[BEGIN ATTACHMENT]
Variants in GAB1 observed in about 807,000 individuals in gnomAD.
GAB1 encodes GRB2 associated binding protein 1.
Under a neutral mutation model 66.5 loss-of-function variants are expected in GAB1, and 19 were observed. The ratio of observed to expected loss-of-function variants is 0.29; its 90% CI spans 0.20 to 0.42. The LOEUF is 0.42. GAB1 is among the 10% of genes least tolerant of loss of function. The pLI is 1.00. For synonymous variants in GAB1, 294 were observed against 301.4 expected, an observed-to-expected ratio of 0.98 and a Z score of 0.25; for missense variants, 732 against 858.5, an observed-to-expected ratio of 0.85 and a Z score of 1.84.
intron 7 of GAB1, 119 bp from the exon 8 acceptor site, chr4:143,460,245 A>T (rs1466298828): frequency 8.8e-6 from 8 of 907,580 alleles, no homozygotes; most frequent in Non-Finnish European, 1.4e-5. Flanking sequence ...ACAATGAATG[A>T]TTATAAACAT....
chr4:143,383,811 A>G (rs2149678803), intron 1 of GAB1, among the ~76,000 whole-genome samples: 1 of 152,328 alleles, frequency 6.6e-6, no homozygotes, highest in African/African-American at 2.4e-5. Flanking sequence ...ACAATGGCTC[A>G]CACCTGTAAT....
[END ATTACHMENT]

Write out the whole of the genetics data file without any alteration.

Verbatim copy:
Variants in GAB1 observed in about 807,000 individuals in gnomAD.
GAB1 encodes GRB2 associated binding protein 1.
Under a neutral mutation model 66.5 loss-of-function variants are expected in GAB1, and 19 were observed. The ratio of observed to expected loss-of-function variants is 0.29; its 90% CI spans 0.20 to 0.42. The LOEUF is 0.42. GAB1 is among the 10% of genes least tolerant of loss of function. The pLI is 1.00. For synonymous variants in GAB1, 294 were observed against 301.4 expected, an observed-to-expected ratio of 0.98 and a Z score of 0.25; for missense variants, 732 against 858.5, an observed-to-expected ratio of 0.85 and a Z score of 1.84.
intron 7 of GAB1, 119 bp from the exon 8 acceptor site, chr4:143,460,245 A>T (rs1466298828): frequency 8.8e-6 from 8 of 907,580 alleles, no homozygotes; most frequent in Non-Finnish European, 1.4e-5. Flanking sequence ...ACAATGAATG[A>T]TTATAAACAT....
chr4:143,383,811 A>G (rs2149678803), intron 1 of GAB1, among the ~76,000 whole-genome samples: 1 of 152,328 alleles, frequency 6.6e-6, no homozygotes, highest in African/African-American at 2.4e-5. Flanking sequence ...ACAATGGCTC[A>G]CACCTGTAAT....